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Is there an upper limit to Napa Valley cult Cabernet prices?

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I know the Recession is supposed to be ending–let’s hope so. But I’m struck by the hopefulness coming out of Napa Valley. To judge from the escalating prices, people up there are convinced happy days are here again.

I’ve reviewed, since last June 1–not even a year ago–85 Cabernet Sauvignons over $100. That doesn’t even count the ones just under $100. My eyes got tired combing through the database. But wait, there’s more! I also reviewed 30 red Bordeaux blends over $100, almost all of them based on Cabernet. That’s 115 wines, more than all the classified growth red Bordeaux put together.

Beyond even that, I must’ve tasted at least 2 dozen more Napa Cabs or Bordeaux blends that I didn’t formally review, because I wasn’t able to taste the wines blind. Almost of those cost above $100, too. Then, as if to gild the lily, I received in the mail the latest Bounty Hunter spring offering: still more triple-digit wines, some I never even heard of.

This is all very interesting, as Arte Johnson’s character used to say on Laugh-In. Until recently, the take on expensive wines was “they’re not selling.” Believe me, I talk to a lot of people who know about these things, from the marketing and sales side, and that’s what they’ve been saying for the past three-plus years, ever since the dreadful fourth quarter of 2008, when the economy fell off the cliff.

So what do these $100-plus proprietors know that I don’t? Do they have a crystal ball predicting that demand for ultra-luxury Napa Cabs is going to explode? I don’t know. What’s exploding are sweet red wines and Moscatos. But those are inexpensive wines. People in Napa Valley don’t care about inexpensive wine. They leave that to everyone else.

It needs to be said that these expensive Napa wines are very good. No, make that very, very good. Of course, I have a palate that can appreciate them. I love a rich Napa Cabernet; my scores reflect that. I give few California wines 100, 99 or 98 points, but when I do, Napa dominates that category, for a simple reason: sheer fabulousness. I often use the word “dramatic” to describe these wines. By that, I mean the feeling that people must have felt when they watched Gielgud play Hamlet. Electric. Or seeing Nureyev at his height, doing Giselle, in the early 60s, at the Royal Ballet. There’s something about a great Napa Cabernet or Bordeaux blend that brings you to the edge of your chair, celebrating the sheer beauty of a performance you know is rare and historic in the long story of wine.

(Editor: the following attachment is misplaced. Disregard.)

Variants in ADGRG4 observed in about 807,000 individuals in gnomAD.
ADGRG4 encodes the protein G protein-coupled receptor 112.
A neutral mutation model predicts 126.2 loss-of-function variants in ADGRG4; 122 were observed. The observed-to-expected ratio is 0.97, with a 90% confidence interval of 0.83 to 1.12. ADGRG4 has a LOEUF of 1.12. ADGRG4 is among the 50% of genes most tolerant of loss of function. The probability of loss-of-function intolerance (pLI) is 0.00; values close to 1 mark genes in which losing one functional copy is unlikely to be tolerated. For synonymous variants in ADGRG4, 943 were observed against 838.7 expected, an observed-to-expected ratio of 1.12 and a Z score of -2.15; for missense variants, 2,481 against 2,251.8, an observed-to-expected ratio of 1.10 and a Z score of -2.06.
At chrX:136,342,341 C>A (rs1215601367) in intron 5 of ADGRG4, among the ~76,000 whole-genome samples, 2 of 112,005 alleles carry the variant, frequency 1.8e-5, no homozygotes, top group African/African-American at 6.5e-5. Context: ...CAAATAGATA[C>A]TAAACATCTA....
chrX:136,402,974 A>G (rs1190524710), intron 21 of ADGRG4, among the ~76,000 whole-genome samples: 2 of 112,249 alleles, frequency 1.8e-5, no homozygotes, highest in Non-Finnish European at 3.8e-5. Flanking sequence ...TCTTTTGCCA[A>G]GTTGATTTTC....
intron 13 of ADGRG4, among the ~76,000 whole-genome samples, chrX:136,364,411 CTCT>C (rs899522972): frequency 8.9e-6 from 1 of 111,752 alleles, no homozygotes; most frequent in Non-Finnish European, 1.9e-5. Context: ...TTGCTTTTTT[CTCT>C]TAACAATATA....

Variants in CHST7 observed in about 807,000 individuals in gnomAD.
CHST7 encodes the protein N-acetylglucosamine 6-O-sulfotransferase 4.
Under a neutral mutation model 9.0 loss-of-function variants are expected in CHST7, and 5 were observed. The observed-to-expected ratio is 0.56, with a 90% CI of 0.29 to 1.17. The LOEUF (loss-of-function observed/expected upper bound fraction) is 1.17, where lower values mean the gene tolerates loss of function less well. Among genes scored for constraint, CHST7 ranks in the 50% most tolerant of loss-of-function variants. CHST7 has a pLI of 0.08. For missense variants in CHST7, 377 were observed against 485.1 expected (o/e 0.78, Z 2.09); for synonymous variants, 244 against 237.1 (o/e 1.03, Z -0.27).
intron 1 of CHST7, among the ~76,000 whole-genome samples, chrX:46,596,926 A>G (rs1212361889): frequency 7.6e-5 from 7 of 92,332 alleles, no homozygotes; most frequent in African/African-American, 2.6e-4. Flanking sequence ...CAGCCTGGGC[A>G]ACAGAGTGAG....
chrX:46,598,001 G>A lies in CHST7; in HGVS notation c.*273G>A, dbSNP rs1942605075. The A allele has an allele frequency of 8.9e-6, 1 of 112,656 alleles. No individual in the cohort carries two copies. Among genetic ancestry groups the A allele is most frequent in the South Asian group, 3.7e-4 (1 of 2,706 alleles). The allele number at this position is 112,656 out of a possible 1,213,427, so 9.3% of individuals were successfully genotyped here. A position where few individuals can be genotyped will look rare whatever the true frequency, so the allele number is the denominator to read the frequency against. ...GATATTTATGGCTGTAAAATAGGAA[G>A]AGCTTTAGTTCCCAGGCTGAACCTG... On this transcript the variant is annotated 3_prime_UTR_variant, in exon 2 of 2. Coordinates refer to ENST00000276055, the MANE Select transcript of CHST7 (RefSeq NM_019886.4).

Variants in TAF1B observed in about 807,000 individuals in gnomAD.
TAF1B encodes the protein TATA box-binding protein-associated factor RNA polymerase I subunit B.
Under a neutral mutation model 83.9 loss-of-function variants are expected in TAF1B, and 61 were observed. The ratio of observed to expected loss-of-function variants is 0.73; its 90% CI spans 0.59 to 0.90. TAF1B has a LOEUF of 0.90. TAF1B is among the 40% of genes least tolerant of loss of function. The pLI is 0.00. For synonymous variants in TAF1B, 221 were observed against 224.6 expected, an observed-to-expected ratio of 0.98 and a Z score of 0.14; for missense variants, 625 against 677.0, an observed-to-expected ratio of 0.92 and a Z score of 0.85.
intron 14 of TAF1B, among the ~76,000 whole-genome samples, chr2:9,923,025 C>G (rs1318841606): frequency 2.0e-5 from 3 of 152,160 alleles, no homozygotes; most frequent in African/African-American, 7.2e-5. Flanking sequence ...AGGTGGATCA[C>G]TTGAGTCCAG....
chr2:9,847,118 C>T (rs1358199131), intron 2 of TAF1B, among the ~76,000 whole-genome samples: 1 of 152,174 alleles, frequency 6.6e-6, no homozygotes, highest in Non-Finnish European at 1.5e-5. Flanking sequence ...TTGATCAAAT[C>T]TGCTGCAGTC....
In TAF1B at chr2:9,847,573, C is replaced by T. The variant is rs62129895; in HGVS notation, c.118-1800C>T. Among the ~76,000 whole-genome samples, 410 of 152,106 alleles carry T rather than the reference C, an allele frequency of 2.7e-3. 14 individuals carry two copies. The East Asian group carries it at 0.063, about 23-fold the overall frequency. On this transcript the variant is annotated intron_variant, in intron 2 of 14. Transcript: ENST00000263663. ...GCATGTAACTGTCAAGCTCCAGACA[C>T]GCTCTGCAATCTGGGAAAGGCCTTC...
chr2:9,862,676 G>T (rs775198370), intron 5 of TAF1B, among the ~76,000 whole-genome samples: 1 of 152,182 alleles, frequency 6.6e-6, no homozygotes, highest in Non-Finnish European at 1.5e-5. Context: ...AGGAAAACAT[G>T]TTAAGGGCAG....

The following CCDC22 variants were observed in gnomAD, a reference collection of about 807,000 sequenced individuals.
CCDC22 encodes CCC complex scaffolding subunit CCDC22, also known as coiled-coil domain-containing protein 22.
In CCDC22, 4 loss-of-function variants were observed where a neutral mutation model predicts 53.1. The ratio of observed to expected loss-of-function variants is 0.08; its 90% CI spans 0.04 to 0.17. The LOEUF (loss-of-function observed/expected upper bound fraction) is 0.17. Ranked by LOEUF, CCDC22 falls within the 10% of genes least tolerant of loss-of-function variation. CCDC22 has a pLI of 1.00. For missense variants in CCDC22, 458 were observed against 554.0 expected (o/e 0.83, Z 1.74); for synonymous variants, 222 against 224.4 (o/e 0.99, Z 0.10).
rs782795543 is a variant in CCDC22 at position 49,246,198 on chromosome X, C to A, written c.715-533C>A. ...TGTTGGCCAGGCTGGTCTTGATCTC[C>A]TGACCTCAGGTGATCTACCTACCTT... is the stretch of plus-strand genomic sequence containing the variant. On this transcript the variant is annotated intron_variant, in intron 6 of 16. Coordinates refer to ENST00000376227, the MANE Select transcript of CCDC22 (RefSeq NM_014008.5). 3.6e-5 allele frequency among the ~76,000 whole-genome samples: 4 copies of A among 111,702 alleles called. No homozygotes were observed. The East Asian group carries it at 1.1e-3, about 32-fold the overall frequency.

Maybe this onslaught of expensive wine is a leading indicator of an economic recovery. Maybe each is produced in such small quantities that the proprietors feel they can find enough club memberships and restaurants to sell it all. Maybe they have visions of Chinese markets dancing in their heads. Maybe some of them will never sell it all, and don’t care; they’re rich enough for wine to be a hobby, not a real business. It makes me wonder if Napa will always be proliferating new brands, like mushrooms popping up after a spring storm, or if it will settle down to a respectable middle age, like Bordeaux, where hardly any new wineries ever appear. But then, Napa Valley is in California, and one of the state’s purest expressions of our weltanschauung, which is: ferment, reinvention, change, evolution, radical transformation. These always have marked the Golden State, and I hope they always will.

  1. Any particular AVA that had the most expensive Napa Cabs in your sampling? Rutherford? Oakville?
    Love the Gielgud analogy :)

  2. As a consumer and small-time collector of fine wines the $100 mark represents a threshold for me (i.e. it better blow my socks off or have tremendous aging potential).
    I rely heavily on well known publications and your reviews to guide my choices since some of these wines aren’t available for me to taste prior to purchase.
    That being said, how many wines, once in glass, are really worth that kind of money? There’s a show-off factor both in the cellar and on the table, but if I’m just drinking a glass all by itself for the pure pleasure of it, is a cult wine at $20-$30 per glass really that much better than say an ’07 Franciscan Napa Cab(Which you gave 94 points) that I paid $17.97 a bottle for?

    Or is it the exclusivity that -makes- it seem to taste better?

  3. Vinogirl, the pricy wines are spread evenly around the valley, but I suspect, if you studied it [which I have not], that Oakville would have more of them.

  4. I think I’d rather drink $20 glass of really nice wine, than a $20 cocktail. I know WE added alcs recently, but it would be nice to see production as well, especially on these kind of wines.

  5. Great points Jake and Bill. I’m really reticent to pay >$40 on a wine that isn’t totally transparent in how it is made. Why? Because at that price, I can surely afford to not pay for it! If it’s premium, it’s got to truly be premium and not the cloying, I’m done after one glass b/c it’s simply too much (which is nice every now and then).

    My overall firm limit is $100, but in reality the only wines I pay for in that range are Dunn and Ridge Monte Bello futures and nothing else goes above $70 and actually rarely above $40. If I did, then when we drink those bottles, it wouldn’t be special.

    I admit to paying more for Cabs and blends b/c the market, but my indulgence is so limited because from an economic perspective it doesn’t make sense. In no other varietal do you pay so much for ego. To make a gang-busters wine simply doesn’t cost much more than ~$30 to bring it to market (there are exceptions, such as pinot and certain farming methods, 100% new oak, etc). Where does the rest of that $$$ go? It’s ego.